Mortgage rates fell today following a tame read on inflation as well as the announcement of Rex Tillerson’s departure from the White House. The Consumer Price Index–the most widely followed economic report on consumer-level inflation–showed prices moving up 0.2% in February (rounded up from 0.1501%). The median forecast called for a 0.2% increase.
When inflation is falling (or rising more slowly), it tends to benefit bond markets, thus pushing rates lower. Given that the inflation data was fairly close to forecasts, it didn’t have any sort of extreme impact today, but it added some downward pressure on rates. The Tillerson news came out a few minutes later. Markets reacted as they typically do to news that creates uncertainty with stocks and rates moving lower together. But since Tillerson’s departure wasn’t a huge surprise, it too failed to cause a profound move lower in rates.
Even then, we have to separate the intraday rate movement that exists in bond markets from the 1-3x per day rate sheet changes from mortgage lenders. As of this afternoon, most lenders are still on their first rate sheet of the day. Even so, those rates had improved enough to make them the lowest in more than a week. That said, many borrowers will still see the same NOTE rates as yesterday with the improvement coming in the form of lower upfront costs or a higher lender credit (aka, lower EFFECTIVE rate, not lower NOTE rate).
Loan Originator Perspective
More stagnation in bond markets today, as MBS prices and mortgage rates hovered in recent ranges. This week’s bond auctions are now behind us. Our current range seems fairly stable, but I’m still not seeing any motivation for marked market improvement. I’ll keep locking early until I do. –Ted Rood, Senior Originator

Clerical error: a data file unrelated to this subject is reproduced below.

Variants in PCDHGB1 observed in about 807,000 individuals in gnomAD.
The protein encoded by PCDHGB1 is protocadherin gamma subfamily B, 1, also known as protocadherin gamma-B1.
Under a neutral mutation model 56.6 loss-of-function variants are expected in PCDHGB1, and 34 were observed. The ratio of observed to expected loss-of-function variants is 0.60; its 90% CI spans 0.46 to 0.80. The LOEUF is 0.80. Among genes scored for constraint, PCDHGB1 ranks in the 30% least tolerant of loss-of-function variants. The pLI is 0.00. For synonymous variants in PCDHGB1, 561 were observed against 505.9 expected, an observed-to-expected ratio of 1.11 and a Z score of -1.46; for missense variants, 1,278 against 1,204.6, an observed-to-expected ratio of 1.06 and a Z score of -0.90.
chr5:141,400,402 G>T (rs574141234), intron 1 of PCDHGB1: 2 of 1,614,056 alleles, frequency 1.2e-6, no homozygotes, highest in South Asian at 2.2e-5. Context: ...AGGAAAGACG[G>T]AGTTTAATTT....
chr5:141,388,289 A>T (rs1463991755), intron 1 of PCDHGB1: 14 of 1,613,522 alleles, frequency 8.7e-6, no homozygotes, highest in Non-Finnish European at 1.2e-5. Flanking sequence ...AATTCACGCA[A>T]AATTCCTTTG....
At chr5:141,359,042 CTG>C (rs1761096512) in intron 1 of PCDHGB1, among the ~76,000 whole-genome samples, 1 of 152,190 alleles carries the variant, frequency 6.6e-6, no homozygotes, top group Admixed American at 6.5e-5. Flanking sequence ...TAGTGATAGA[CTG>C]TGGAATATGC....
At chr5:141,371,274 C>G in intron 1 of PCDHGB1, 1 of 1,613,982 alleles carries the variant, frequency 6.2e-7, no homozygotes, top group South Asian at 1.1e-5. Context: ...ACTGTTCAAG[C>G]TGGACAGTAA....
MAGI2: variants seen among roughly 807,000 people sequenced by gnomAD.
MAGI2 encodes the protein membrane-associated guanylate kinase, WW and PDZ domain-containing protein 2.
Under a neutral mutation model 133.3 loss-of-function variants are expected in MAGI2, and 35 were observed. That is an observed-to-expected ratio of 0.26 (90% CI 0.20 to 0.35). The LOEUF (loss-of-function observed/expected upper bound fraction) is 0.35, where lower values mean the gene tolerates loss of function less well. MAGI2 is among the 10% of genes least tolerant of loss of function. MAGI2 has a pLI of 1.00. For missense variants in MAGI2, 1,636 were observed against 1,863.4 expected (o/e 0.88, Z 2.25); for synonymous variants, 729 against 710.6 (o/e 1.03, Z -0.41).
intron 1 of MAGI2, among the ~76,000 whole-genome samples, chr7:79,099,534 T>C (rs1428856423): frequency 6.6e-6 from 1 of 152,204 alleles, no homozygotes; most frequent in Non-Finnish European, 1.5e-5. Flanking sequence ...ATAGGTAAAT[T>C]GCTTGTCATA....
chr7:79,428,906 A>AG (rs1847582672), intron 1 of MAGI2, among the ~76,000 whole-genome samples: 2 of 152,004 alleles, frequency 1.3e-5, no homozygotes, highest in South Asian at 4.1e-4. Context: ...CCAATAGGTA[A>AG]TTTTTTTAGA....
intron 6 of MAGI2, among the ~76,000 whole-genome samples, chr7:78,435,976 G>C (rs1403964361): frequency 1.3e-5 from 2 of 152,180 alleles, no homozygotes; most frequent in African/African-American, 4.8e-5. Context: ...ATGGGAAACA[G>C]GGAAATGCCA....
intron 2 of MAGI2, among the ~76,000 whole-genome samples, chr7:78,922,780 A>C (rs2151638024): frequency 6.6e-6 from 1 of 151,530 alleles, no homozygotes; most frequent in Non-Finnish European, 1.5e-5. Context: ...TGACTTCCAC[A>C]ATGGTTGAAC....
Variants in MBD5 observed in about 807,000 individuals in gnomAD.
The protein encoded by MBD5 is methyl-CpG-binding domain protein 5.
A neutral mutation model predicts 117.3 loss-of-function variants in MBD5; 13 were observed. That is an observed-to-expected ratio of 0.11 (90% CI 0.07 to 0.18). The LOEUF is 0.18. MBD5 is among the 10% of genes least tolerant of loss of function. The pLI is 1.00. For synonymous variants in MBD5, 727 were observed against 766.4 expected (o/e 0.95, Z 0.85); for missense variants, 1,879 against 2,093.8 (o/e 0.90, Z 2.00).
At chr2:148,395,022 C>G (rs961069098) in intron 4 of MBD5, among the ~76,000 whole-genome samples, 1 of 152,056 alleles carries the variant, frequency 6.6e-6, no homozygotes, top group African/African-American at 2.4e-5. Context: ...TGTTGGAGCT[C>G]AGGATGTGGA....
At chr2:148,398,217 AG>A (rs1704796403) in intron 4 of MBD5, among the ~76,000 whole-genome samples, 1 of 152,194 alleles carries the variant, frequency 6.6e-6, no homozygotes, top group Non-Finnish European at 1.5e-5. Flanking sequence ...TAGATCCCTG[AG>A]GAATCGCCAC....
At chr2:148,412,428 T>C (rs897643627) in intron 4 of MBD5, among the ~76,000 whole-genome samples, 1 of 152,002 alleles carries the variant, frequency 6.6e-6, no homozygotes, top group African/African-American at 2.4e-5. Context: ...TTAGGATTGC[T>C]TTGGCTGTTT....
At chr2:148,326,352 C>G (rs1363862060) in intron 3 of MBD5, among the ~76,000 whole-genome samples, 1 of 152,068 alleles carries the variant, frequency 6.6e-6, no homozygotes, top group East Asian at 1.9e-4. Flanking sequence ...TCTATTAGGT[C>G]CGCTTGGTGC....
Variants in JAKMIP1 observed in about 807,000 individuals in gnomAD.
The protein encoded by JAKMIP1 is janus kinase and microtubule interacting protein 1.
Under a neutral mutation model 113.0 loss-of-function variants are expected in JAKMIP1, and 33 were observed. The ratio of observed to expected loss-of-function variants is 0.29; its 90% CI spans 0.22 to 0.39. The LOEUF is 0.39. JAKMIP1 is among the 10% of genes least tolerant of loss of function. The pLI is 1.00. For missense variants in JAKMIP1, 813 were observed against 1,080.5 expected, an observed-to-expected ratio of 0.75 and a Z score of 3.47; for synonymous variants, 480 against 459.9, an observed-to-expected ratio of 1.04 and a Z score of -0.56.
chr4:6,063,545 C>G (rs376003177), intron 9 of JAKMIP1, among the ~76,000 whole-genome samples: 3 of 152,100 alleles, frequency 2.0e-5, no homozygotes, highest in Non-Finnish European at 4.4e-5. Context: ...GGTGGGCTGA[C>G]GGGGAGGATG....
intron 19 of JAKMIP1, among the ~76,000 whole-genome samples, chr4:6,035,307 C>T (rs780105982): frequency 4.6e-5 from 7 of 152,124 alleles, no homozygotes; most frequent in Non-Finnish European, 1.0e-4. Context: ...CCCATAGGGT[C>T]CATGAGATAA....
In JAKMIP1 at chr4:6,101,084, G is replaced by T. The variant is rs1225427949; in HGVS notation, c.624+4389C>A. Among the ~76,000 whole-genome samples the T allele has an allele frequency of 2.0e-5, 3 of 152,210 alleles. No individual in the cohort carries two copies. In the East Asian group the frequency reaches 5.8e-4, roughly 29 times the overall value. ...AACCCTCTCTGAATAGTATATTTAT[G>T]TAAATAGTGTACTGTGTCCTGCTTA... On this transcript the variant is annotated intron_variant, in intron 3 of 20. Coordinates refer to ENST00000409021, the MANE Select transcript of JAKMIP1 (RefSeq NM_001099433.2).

Nice to see bonds in the green today. As much as i want to say float, i just cannot. Everytime bonds manage to rally, they quickly give back the gains. I am seeing improved rate sheets today versus yesterday, so my clients and i agree that locking is the wise decision. –Victor Burek, Churchill Mortgage
Today’s Most Prevalent Rates
- 30YR FIXED – 4.5-4.625%
- FHA/VA – 4.375%
- 15 YEAR FIXED – 3.875%
- 5 YEAR ARMS – 3.5-3.75% depending on the lender
Ongoing Lock/Float Considerations
- 2017 had proven to be a relatively good year for mortgage rates despite widespread expectations for a stronger push higher after the presidential election in late 2016.
- While rates remain low in absolute terms, they moved higher in a more threatening way heading into the beginning of 2018
- The scariest part of the move higher looks like it ended as of early February, and rates have been generally sideways since then
- Even so, the potential remains for more weakness (i.e. higher rates). It makes more sense to remain defensive (i.e. more inclined to lock) until we’ve seen a more convincing shift lower.
- Rates discussed refer to the most frequently-quoted, conforming, conventional 30yr fixed rate for top tier borrowers among average to well-priced lenders. The rates generally assume little-to-no origination or discount except as noted when applicable. Rates appearing on this page are “effective rates” that take day-to-day changes in upfront costs into consideration.